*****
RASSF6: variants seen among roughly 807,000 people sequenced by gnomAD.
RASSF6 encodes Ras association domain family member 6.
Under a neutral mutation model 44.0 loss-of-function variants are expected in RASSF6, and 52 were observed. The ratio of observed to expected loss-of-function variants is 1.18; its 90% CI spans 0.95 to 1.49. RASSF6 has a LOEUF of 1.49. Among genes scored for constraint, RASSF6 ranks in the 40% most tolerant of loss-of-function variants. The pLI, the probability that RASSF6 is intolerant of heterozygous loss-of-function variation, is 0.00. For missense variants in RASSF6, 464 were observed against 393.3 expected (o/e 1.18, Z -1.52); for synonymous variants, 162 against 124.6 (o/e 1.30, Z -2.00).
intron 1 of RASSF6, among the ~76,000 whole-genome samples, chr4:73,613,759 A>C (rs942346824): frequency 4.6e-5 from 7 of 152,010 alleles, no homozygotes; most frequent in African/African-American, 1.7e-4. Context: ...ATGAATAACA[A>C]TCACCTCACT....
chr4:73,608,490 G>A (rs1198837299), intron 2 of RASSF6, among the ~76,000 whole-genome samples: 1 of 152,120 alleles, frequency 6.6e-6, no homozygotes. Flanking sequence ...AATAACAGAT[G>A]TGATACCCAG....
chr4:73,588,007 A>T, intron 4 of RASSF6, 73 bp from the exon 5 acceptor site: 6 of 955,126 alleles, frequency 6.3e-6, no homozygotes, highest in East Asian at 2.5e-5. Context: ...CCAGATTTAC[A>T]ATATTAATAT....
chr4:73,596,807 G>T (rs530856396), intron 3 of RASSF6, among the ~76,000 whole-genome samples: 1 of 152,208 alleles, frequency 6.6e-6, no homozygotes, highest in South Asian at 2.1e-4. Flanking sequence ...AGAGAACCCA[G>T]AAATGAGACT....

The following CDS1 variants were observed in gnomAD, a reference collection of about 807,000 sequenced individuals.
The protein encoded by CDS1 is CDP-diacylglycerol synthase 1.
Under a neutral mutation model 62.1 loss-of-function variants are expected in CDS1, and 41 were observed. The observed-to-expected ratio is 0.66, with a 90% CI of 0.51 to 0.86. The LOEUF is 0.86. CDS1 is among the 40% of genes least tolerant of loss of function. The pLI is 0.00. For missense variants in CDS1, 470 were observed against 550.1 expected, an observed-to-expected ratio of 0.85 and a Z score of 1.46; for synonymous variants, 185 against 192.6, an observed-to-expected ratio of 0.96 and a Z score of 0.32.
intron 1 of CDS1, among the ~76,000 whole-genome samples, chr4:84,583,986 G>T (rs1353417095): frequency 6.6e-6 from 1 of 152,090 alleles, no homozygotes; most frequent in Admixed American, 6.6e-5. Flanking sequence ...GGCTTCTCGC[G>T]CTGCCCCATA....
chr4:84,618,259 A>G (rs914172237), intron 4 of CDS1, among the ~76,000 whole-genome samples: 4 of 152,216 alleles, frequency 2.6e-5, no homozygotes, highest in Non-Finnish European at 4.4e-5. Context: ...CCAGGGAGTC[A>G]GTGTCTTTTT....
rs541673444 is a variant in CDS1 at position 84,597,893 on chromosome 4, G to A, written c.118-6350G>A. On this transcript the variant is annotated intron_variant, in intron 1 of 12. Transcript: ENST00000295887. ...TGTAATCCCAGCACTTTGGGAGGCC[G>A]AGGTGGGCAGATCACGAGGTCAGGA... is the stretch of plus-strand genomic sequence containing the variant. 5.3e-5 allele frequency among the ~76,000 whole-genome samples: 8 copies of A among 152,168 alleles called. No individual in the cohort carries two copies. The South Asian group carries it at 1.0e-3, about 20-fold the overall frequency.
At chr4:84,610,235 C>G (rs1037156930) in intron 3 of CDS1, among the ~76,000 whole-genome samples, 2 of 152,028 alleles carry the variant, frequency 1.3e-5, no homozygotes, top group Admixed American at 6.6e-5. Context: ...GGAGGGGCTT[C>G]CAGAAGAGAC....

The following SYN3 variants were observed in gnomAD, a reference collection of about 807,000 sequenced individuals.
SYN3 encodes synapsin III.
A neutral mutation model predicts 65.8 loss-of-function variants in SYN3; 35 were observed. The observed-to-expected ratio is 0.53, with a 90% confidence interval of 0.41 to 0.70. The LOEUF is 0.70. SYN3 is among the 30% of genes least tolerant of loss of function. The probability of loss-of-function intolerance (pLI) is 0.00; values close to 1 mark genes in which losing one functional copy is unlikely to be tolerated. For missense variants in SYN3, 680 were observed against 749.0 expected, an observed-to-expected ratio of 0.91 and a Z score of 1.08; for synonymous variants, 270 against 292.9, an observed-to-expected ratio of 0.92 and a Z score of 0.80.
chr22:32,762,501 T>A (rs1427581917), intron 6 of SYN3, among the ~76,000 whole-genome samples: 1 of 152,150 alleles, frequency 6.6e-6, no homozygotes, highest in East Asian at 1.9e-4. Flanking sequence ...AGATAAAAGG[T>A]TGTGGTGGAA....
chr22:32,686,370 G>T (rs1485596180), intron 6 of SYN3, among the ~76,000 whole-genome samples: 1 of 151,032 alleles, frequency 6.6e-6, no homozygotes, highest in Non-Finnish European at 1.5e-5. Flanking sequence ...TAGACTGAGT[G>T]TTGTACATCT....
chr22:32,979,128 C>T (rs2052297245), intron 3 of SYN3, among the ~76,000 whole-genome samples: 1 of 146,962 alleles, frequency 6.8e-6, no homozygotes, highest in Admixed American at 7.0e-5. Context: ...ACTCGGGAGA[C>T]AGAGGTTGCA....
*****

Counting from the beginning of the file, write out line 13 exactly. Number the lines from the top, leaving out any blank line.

rs541673444 is a variant in CDS1 at position 84,597,893 on chromosome 4, G to A, written c.118-6350G>A. On this transcript the variant is annotated intron_variant, in intron 1 of 12. Transcript: ENST00000295887. ...TGTAATCCCAGCACTTTGGGAGGCC[G>A]AGGTGGGCAGATCACGAGGTCAGGA... is the stretch of plus-strand genomic sequence containing the variant. 5.3e-5 allele frequency among the ~76,000 whole-genome samples: 8 copies of A among 152,168 alleles called. No individual in the cohort carries two copies. The South Asian group carries it at 1.0e-3, about 20-fold the overall frequency.